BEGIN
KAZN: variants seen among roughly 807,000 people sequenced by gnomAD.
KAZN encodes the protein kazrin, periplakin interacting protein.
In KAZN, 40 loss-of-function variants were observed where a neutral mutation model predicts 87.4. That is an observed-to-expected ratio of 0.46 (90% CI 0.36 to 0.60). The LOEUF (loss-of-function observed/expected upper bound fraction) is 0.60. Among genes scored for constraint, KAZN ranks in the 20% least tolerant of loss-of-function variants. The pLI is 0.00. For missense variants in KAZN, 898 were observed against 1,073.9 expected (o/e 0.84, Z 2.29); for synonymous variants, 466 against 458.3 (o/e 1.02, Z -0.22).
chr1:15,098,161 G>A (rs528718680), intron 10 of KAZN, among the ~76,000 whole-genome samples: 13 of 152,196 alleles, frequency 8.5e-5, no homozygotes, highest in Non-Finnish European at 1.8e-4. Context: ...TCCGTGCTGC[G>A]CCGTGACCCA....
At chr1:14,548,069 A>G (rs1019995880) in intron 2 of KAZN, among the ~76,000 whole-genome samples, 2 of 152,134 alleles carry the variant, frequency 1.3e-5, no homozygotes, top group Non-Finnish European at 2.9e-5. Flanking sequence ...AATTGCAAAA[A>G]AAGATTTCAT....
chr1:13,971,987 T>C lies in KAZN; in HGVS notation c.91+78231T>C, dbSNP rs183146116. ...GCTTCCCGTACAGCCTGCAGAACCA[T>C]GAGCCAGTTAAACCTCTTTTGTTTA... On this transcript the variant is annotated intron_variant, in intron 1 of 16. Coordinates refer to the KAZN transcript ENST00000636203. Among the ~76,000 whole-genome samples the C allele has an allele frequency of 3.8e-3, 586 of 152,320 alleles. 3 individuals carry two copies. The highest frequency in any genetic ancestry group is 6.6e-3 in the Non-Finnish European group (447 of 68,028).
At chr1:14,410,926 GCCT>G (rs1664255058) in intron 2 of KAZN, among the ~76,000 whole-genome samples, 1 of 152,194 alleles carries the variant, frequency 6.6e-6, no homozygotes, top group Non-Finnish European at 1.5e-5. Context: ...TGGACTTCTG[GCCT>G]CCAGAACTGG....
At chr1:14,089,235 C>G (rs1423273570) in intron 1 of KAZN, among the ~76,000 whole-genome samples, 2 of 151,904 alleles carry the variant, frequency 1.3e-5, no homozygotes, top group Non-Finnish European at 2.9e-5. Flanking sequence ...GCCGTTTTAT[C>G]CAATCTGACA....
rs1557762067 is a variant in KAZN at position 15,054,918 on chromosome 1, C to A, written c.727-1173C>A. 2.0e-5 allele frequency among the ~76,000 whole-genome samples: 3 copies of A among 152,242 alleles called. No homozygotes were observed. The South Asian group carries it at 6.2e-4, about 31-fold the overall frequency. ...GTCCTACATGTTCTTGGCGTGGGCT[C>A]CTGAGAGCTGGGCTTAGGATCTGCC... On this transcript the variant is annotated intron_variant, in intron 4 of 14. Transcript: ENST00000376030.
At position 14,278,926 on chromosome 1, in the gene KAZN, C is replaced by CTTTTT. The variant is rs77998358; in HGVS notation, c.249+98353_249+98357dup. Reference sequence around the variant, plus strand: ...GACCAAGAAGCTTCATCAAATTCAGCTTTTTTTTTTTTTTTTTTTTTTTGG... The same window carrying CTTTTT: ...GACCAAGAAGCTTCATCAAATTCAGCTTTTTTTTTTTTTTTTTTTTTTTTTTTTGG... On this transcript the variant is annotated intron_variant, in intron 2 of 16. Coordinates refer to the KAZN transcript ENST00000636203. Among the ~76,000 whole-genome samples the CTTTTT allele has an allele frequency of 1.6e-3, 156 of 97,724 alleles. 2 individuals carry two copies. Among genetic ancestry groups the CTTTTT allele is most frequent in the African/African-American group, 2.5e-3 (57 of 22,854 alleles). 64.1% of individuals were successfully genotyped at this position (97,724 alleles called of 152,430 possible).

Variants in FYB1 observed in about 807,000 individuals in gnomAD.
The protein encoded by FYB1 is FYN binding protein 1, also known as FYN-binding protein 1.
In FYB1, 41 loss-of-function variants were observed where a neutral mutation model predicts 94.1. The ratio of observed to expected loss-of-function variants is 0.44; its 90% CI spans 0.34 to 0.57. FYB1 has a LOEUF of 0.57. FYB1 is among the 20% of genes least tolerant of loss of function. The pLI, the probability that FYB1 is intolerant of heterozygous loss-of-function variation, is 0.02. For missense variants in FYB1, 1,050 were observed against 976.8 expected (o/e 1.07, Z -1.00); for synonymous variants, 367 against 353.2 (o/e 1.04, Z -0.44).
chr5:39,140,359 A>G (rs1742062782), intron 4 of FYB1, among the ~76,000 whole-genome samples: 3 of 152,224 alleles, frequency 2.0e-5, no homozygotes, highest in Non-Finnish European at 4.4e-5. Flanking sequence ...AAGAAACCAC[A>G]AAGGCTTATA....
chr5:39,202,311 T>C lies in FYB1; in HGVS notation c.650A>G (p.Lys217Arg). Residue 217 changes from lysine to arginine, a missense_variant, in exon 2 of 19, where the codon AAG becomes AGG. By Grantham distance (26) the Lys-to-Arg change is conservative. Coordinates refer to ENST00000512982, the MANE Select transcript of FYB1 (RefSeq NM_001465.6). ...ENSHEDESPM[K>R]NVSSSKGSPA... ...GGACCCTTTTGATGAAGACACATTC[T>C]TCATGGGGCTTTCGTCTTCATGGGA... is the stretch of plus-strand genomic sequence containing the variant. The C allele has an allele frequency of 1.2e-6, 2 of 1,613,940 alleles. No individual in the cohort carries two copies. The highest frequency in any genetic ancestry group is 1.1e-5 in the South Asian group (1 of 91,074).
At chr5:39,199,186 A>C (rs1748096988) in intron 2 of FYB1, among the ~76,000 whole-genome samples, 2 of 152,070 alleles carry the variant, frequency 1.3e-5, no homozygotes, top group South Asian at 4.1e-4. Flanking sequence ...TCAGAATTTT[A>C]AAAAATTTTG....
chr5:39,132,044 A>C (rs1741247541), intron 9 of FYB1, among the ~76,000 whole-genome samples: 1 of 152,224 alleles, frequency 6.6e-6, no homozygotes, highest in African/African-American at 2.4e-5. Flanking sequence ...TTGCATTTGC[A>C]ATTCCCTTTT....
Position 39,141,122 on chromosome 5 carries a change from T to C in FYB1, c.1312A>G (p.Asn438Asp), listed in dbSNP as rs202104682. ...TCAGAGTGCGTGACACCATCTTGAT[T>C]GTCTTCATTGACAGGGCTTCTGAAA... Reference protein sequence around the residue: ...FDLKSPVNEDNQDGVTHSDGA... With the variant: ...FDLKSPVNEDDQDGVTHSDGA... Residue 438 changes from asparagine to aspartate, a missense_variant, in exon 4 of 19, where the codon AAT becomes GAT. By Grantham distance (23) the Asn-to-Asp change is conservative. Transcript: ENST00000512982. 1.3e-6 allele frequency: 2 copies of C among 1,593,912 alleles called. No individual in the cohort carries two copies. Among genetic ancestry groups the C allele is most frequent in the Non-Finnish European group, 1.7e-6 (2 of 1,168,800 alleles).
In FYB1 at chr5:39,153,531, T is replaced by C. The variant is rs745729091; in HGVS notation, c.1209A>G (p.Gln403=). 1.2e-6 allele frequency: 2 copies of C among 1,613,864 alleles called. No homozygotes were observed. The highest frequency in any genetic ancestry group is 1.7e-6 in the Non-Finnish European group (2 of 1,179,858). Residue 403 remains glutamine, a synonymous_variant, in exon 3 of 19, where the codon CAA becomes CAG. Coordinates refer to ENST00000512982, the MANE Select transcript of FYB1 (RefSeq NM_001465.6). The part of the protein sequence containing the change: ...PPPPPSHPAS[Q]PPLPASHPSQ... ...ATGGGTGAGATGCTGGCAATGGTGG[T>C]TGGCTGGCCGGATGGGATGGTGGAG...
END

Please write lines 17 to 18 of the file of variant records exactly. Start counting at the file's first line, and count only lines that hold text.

chr5:39,132,044 A>C (rs1741247541), intron 9 of FYB1, among the ~76,000 whole-genome samples: 1 of 152,224 alleles, frequency 6.6e-6, no homozygotes, highest in African/African-American at 2.4e-5. Flanking sequence ...TTGCATTTGC[A>C]ATTCCCTTTT....
Position 39,141,122 on chromosome 5 carries a change from T to C in FYB1, c.1312A>G (p.Asn438Asp), listed in dbSNP as rs202104682. ...TCAGAGTGCGTGACACCATCTTGAT[T>C]GTCTTCATTGACAGGGCTTCTGAAA... Reference protein sequence around the residue: ...FDLKSPVNEDNQDGVTHSDGA... With the variant: ...FDLKSPVNEDDQDGVTHSDGA... Residue 438 changes from asparagine to aspartate, a missense_variant, in exon 4 of 19, where the codon AAT becomes GAT. By Grantham distance (23) the Asn-to-Asp change is conservative. Transcript: ENST00000512982. 1.3e-6 allele frequency: 2 copies of C among 1,593,912 alleles called. No individual in the cohort carries two copies. Among genetic ancestry groups the C allele is most frequent in the Non-Finnish European group, 1.7e-6 (2 of 1,168,800 alleles).